2010 Political Campaigns

Fireworks erupt in this year’s Salazar vs. Tipton race in CD 3

By Leslie Jorgensen
THE COLORADO STATESMAN

Republican state Rep. Scott Tipton aims to unseat Democratic 3rd District Congressman John Salazar — a feat the businessman attempted unsuccessfully in 2006 — and hopes to ride the wave of anti-government sentiment to victory. Salazar, who calls himself “a veteran and lifelong farmer,” has earned a Teflon reputation as an advocate for rural communities.

New face in state senate, new candidate for statehouse

By Anthony Bowe
THE COLORADO STATESMAN

The conversation with constituents has changed for Senate District 3 candidate Angela Giron but only slightly. Giron, 50, said she still isn’t used to being called “senator” after being sworn into office last Friday to the state senate seat held by former Sen. Abel Tapia, D-Pueblo.

Buck wins GOP nomination for Senate

Weld County District Attorney Ken Buck, a relative political neophyte next to mainstream Republican rival Jane Norton, took the slow and steady approach to his Senate primary victory during a year and a half of grassroots campaigning. At one point last year, after former Lieutenant Governor Norton jumped into the race at the urging of some powerful Republican officials, Buck considered dropping out.

Senate smackdown staggers Democrats

By Miller Hudson
CONTRIBUTING WRITER

When Ken Salazar accepted the President’s invitation to run the Department of Interior he could not have anticipated he was about to set loose the dogs in Colorado’s Democratic kennel. In past years the Governor would have huddled with Salazar, the party chair, the Democratic Congressional delegation, a handful of major donors and presto, a replacement would have been unveiled a few days later.

Dems bury hatchet on Capitol steps, take aim at Buck

By Ernest Luning
THE COLORADO STATESMAN

DENVER — The two Democrats who battled it out for the Senate nomination for nearly a year joined hands two days after the primary on the steps of the State Capitol and vowed to work to keep appointed Sen. Michael Bennet in office.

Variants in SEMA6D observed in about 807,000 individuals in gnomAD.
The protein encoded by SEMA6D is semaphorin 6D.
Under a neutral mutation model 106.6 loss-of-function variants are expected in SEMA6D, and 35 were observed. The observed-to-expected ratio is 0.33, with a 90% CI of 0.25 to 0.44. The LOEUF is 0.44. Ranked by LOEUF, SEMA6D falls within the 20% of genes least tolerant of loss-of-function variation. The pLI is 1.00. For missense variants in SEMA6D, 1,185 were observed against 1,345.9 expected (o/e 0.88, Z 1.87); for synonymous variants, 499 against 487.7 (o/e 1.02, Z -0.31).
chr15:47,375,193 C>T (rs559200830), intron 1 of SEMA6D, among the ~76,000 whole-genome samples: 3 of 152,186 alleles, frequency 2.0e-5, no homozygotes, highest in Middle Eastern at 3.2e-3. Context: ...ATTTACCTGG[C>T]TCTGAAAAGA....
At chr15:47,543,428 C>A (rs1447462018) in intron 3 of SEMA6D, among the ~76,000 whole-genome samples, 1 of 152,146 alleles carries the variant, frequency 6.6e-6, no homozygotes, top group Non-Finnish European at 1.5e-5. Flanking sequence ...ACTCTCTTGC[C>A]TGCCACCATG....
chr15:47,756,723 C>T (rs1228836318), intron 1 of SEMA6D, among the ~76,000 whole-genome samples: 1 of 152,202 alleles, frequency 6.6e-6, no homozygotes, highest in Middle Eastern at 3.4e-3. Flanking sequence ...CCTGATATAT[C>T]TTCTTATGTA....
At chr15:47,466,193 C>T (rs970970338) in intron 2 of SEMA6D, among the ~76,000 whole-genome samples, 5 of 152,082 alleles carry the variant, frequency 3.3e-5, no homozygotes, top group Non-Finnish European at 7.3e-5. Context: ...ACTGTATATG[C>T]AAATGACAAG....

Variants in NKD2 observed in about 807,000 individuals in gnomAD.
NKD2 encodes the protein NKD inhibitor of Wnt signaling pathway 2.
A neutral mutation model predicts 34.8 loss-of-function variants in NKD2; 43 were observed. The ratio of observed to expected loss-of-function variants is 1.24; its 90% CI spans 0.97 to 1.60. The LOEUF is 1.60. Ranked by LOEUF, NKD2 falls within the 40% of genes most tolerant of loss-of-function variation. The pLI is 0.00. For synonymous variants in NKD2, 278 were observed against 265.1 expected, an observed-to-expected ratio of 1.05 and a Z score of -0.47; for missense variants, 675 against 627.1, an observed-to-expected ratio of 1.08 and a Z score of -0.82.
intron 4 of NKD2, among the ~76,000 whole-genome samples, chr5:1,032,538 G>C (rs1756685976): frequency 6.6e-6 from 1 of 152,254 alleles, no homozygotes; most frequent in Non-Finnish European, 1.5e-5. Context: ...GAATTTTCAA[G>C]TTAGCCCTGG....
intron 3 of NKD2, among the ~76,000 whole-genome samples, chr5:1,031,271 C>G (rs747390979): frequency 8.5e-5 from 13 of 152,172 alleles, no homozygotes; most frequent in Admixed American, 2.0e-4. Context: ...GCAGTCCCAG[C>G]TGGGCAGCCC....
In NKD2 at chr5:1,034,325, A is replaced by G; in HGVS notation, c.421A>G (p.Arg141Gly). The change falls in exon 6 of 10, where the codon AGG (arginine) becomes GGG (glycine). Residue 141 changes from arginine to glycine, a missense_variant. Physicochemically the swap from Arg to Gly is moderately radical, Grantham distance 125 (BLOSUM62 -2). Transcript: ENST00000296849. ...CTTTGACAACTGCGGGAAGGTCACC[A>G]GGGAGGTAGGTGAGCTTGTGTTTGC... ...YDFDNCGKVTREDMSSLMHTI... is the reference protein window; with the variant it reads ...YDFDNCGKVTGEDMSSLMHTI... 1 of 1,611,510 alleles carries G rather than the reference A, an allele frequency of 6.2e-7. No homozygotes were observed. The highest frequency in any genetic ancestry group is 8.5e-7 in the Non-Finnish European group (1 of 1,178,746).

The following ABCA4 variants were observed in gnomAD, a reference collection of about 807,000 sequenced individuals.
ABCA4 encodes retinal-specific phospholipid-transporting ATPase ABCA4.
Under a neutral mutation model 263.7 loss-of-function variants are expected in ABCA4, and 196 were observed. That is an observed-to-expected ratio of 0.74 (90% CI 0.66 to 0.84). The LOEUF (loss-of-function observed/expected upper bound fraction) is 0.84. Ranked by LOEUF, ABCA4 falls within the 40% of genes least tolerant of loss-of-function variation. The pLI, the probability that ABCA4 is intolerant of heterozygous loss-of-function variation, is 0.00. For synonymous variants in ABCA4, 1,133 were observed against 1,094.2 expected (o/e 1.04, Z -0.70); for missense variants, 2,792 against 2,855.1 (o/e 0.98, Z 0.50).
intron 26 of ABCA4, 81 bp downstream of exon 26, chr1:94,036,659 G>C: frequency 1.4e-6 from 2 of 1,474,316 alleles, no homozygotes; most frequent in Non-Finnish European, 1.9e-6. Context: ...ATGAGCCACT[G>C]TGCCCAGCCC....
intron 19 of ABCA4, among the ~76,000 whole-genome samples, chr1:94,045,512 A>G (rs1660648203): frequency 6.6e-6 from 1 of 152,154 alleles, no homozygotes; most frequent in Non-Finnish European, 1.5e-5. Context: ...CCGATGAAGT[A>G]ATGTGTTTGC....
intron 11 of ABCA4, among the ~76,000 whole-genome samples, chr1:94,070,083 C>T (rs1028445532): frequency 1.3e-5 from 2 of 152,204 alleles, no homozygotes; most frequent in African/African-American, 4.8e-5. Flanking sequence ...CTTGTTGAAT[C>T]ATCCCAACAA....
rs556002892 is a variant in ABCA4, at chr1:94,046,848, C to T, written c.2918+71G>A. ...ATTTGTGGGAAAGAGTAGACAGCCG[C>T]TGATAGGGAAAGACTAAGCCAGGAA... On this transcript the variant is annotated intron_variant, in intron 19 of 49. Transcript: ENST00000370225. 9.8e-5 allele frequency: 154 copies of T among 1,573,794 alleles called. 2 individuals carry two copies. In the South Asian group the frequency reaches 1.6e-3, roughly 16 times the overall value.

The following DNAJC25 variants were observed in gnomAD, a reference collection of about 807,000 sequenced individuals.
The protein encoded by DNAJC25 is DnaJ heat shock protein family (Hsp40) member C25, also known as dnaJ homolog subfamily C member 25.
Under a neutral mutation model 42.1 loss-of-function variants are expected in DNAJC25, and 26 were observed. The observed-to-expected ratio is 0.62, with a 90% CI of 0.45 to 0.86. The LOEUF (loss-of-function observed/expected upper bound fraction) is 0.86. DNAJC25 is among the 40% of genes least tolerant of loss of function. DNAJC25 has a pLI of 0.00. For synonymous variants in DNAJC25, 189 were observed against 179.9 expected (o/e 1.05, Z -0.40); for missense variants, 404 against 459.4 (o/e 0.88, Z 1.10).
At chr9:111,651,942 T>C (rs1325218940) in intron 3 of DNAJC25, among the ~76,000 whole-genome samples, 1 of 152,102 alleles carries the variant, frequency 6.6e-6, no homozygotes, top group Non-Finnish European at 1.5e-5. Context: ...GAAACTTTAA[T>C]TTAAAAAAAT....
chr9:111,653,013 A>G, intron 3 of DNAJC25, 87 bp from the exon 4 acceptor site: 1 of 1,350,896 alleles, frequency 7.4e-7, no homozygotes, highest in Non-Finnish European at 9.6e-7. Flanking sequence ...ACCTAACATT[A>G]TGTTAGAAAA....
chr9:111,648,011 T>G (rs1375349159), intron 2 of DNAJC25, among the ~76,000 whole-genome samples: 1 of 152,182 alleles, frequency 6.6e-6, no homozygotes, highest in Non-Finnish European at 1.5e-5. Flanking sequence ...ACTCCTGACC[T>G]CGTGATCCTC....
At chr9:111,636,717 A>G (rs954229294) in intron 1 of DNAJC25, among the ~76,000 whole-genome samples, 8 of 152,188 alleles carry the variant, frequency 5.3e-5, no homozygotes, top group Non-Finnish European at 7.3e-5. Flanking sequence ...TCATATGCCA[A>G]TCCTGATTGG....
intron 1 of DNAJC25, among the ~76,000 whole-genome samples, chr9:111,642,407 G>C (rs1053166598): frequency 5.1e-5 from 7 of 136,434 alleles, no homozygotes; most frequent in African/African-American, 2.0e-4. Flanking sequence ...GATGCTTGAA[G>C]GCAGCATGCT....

Wadhams says GOP doesn’t need a ‘Kumbaya’ rally

By Leslie Jorgensen
THE COLORADO STATESMAN

Kiss goodbye the old tradition of statewide Republican candidates making the hop-and-drop tour of county party unity rallies. The goal had been to unite Republicans behind the winning candidates in divisive primary races.

Norton loses to Buck but promises unity

By Marianne Goodland
THE COLORADO STATESMAN

LITTLETON — By 10 p.m. Tuesday night, the ballroom at the Park Meadows Marriott was left to a few reporters and hotel staff cleaning up the room. Purple balloons still hung high in the air, tethered to tables around the room, seemingly waiting for a celebration that would never come. A stack of “Jane Norton for Colorado” signs at the ballroom’s entrance laid on a table, mostly untouched.

Hard-fought Senate primary gives Bennet the win

Romanoff concedes, urges support of his former rival

By Ernest Luning
THE COLORADO STATESMAN

DENVER — After a hard-fought Democratic primary campaign that began late last summer and had all the appearances of a potential upset, former Colorado House Speaker Andrew Romanoff’s challenge to Sen. Michael Bennet was over just an hour after the polls closed.

Maes credits God & the grassroots in GOP win

GOP nominee tells Tancredo to quit race for governor

By Leslie Jorgensen
THE COLORADO STATESMAN

In the year of outsider versus insider political candidates, Republican gubernatorial candidate Dan Maes credited his primary win over former 3rd District Congressman Scott McInnis to God and faithful grassroots voters — and criticized unnamed GOP bosses for conspiring to manipulate him out of the race.

Stapleton tops Ament in GOP treasurer’s primary

By Anthony Bowe
THE COLORADO STATESMAN

GREENWOOD VILLAGE — Walker Stapleton, the Republican candidate for state treasurer, exerted cool confidence Tuesday night while leading his primary opponent J.J. Ament by only two percentage points with three quarters of Colorado precincts reporting in. Asked if he were nervous, as a slow trickle of voting results began to knife into his slim lead, Stapleton’s smile disappeared, and he firmly answered “no.” Seconds later, his wry smile returned.